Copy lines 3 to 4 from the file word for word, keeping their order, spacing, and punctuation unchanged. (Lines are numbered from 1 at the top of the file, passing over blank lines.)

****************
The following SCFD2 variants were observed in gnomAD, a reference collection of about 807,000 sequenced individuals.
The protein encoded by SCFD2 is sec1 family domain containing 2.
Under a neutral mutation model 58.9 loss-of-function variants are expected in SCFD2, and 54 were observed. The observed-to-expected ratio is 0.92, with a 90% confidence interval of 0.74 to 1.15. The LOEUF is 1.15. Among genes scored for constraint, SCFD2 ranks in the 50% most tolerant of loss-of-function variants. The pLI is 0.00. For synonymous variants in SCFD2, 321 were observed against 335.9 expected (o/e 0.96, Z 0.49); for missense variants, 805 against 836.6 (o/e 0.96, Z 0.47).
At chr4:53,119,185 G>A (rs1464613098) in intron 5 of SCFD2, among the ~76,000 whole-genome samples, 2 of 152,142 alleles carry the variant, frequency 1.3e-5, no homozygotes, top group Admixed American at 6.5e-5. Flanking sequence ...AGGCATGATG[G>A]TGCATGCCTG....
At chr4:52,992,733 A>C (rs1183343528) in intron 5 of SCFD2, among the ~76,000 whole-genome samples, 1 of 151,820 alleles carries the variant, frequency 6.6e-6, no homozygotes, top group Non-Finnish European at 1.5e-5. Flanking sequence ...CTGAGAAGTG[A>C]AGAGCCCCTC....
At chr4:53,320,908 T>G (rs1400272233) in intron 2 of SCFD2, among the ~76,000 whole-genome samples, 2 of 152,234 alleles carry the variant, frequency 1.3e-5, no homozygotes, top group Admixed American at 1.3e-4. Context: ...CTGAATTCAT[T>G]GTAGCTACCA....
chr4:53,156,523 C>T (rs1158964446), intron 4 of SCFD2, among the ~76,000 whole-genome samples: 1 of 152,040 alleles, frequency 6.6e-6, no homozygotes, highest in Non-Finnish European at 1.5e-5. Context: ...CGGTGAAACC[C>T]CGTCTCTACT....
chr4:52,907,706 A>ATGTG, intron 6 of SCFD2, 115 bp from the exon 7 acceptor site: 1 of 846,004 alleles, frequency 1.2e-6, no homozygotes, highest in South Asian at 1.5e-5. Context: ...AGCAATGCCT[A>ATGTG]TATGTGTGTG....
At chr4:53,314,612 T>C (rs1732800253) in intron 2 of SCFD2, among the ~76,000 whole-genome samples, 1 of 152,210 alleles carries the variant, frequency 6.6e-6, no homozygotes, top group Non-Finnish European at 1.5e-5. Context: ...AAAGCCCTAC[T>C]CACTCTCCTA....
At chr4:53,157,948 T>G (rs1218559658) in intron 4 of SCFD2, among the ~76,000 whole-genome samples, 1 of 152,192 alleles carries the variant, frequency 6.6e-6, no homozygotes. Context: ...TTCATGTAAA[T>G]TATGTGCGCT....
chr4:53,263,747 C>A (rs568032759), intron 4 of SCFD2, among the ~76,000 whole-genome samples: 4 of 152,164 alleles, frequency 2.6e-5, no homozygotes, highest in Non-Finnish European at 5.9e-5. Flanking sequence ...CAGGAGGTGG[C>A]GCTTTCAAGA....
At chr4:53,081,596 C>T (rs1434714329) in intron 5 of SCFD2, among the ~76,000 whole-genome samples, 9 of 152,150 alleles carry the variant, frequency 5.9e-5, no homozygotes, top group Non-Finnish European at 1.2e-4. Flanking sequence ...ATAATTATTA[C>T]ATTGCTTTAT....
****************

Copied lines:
Under a neutral mutation model 58.9 loss-of-function variants are expected in SCFD2, and 54 were observed. The observed-to-expected ratio is 0.92, with a 90% confidence interval of 0.74 to 1.15. The LOEUF is 1.15. Among genes scored for constraint, SCFD2 ranks in the 50% most tolerant of loss-of-function variants. The pLI is 0.00. For synonymous variants in SCFD2, 321 were observed against 335.9 expected (o/e 0.96, Z 0.49); for missense variants, 805 against 836.6 (o/e 0.96, Z 0.47).
At chr4:53,119,185 G>A (rs1464613098) in intron 5 of SCFD2, among the ~76,000 whole-genome samples, 2 of 152,142 alleles carry the variant, frequency 1.3e-5, no homozygotes, top group Admixed American at 6.5e-5. Flanking sequence ...AGGCATGATG[G>A]TGCATGCCTG....